Shares of Royal Caribbean Group rallied Thursday, after the cruise operator’s second-quarter results beat expectations, and provided an upbeat assessment of guest activity onboard its ships and for future cruises.
The company also said it is seeing signs that inflation, in one of the areas most susceptible to rising prices — food — is peaking, which should help boost margins for the rest of this year and into next year.
The net loss for the quarter to June 30 was $521.6 million, or $2.05 share, less than half the loss of $1.35 billion, or $5.29 a share, recorded in the same period a year ago. Excluding nonrecurring items, the adjusted per-share loss of $2.08 beat the FactSet loss consensus of $2.20.
Revenue soared 43-fold, to $2.18 billion from $50.9 million to top expectations of $2.11 billion, as load factors reached 82% overall, including nearly 90% in the month of June.
And operating cash flow turned positive, to approximately $500 million.
shot up 6.7% in midday trading Thursday. That puts the stock on track for the best one-day, post-earnings performance since it ran up 9.3% on Feb. 22, after fourth-quarter 2020 results.
Chief Executive Jason Liberty said on the post-earnings conference call with analysts that guests on the company’s cruise ships, which currently total 125,000, are spending at least 30% more “across all categories” than they did in pre-pandemic 2019.
“The spending trends have been consistent across our customer base, even as we were approaching full load factors,” Liberty said, according to a FactSet transcript.
He added that bookings for 2022 sailings have averaged about 30% above 2019 levels throughout the second quarter, “and more recently have been up to 35%.”
While the second half of 2022 is booked below historical ranges, the bookings are at higher prices than 2019. For 2023, Liberty said that all four quarters are booked within historical ranges “at record prices,” with bookings accelerating every week.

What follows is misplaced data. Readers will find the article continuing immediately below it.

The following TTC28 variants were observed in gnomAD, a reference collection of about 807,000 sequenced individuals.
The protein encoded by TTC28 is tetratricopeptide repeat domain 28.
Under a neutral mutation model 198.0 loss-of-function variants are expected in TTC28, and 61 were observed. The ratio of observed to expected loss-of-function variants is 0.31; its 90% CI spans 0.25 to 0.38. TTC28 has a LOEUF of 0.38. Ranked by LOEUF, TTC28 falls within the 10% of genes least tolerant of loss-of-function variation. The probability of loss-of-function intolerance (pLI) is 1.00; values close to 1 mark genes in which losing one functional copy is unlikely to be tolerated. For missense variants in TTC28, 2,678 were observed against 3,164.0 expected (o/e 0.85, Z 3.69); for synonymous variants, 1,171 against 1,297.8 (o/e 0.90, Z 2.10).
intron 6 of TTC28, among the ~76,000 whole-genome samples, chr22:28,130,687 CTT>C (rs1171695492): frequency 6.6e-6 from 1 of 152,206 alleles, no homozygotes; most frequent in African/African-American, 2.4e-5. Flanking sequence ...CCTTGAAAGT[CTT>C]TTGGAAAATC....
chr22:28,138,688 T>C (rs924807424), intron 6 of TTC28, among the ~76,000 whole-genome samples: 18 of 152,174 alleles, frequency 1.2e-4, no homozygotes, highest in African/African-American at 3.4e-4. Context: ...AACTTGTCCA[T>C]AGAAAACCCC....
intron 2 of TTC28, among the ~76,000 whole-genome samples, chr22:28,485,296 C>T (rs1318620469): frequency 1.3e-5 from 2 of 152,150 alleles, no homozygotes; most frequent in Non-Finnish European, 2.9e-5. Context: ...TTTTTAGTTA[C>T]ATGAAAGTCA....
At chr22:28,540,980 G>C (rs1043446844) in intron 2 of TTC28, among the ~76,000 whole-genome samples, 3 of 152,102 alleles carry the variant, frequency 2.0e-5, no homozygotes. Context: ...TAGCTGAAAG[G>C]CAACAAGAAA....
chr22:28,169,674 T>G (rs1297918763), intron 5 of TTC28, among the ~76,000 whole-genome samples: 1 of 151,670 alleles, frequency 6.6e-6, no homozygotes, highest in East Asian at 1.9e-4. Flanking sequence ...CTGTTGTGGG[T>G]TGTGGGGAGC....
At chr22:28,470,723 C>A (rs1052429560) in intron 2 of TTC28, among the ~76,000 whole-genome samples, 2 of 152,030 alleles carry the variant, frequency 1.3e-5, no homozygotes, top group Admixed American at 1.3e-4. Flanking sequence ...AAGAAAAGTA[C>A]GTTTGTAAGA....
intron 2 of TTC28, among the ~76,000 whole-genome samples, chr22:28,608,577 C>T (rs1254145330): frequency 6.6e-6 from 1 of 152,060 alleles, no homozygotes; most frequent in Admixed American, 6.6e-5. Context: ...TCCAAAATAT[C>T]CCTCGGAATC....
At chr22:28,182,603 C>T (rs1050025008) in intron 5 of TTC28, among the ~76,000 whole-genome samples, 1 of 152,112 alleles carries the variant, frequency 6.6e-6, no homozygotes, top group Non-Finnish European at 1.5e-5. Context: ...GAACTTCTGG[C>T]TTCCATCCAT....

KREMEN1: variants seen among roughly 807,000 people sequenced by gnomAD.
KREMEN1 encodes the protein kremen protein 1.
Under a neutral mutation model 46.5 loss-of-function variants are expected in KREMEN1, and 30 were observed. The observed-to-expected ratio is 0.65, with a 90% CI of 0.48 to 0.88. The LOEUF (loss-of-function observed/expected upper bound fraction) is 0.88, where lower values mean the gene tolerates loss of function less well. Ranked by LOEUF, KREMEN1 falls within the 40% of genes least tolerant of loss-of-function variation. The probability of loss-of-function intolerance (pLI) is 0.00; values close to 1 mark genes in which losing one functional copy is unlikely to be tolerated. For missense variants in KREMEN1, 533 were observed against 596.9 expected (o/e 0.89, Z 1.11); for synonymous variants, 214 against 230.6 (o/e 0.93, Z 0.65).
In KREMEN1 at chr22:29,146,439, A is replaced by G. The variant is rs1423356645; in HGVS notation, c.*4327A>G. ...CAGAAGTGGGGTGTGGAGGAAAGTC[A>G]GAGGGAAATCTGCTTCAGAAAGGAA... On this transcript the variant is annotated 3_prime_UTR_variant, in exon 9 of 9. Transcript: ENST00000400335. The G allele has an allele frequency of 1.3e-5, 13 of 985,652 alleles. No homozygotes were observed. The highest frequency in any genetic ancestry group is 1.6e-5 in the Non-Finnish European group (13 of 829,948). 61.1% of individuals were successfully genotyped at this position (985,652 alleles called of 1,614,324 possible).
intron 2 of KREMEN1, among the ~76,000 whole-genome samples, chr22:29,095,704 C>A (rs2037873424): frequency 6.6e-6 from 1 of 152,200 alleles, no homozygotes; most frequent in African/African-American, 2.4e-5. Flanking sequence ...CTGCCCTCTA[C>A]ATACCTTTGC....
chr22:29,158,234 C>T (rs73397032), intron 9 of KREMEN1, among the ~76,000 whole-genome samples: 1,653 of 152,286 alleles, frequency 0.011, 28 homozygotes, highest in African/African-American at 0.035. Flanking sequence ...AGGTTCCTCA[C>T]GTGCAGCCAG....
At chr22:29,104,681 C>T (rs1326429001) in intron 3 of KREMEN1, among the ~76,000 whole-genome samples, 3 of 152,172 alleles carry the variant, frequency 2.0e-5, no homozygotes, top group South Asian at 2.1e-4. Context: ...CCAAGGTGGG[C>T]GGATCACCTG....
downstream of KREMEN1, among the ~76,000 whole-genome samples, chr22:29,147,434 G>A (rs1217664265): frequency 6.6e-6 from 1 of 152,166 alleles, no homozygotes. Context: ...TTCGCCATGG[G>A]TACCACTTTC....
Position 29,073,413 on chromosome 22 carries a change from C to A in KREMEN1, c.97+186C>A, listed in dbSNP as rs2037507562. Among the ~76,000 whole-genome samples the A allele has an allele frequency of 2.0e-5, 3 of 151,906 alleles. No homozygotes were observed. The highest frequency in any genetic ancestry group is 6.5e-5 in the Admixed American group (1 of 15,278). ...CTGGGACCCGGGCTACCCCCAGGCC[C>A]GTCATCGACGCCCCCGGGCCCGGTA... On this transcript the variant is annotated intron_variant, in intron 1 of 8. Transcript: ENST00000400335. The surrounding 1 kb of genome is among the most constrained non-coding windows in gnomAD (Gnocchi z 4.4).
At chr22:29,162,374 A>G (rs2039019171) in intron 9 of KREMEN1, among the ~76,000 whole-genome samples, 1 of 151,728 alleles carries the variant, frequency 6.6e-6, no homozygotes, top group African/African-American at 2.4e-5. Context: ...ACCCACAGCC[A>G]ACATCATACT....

Meanwhile, cruise operating expenses have also soared along with revenue as more ships sail. Total operating expenses quadrupled, to $1.69 billion from $424.8 million. That included a 9-fold jump in food expenses to $155.2 million and a near 5-fold rise in fuel costs to $275.2 million.
Liberty said that while food and fuel are the main categories that are susceptible to inflation, “there are some initial positive signs” with respect to inflation trends for food.
“Our most recent month-over-month [food and beverage] inflation indicator has increased at the slowest pace thus far in 2022,” Liberty said. “This, combined with direct conversations with our key suppliers, indicate inflation levels are peaking, so we should start seeing some relief in the coming months.”
Regarding fuel, Liberty said the company continued to “optimize” consumption and has partially hedged its costs to below market prices.
He said the company is started to see the benefits of peaking food inflation and its fuel-cost measures, as well as other actions taken to reduce other expenses.
“[W]e have taken and continue to take numerous actions to reshape the cost structure of the business to support growing margins as we execute on our recovery,” Liberty said. “We also expect the growth in margins to accelerate in the second half and into 2023,” he added.
The company also provided financial guidance for the first time since the first quarter of 2020.
Based on current currency exchange rates, fuel prices and interest rates, the company expects third-quarter adjusted earnings per share of 5 cents to 25 cents and revenue of $2.9 billion to $3.0 billion. This compares with the current FactSet consensus for EPS of 82 cents and for revenue of $3.03 billion.
Fuel expenses are expected to be $319 million, at an average pricing of $794 per metric ton, which compares with $721 per metric ton in the second quarter.
In summary, Liberty said the company reached two important milestones in its recovery in the second quarter, returning the entire fleet to operations and delivering positive operating cash flow.
“Consumers’ propensity to travel and cruise remains strong. We continue to see a robust and accelerating demand environment for cruising and onboard spend,” Liberty said. “Cruising remains a very attractive value proposition for vacationers, and today we have an opportunity to further close the value gap to other land-based vacation offerings.”
The company said that as of Aug. 8, it will only require COVID-19 testing for unvaccinated guests on all voyages, and for vaccinated guests on voyages that are six nights or longer.
Royal Caribbean’s stock has tumbled 51.6% year to date, while shares of rival Carnival Corp.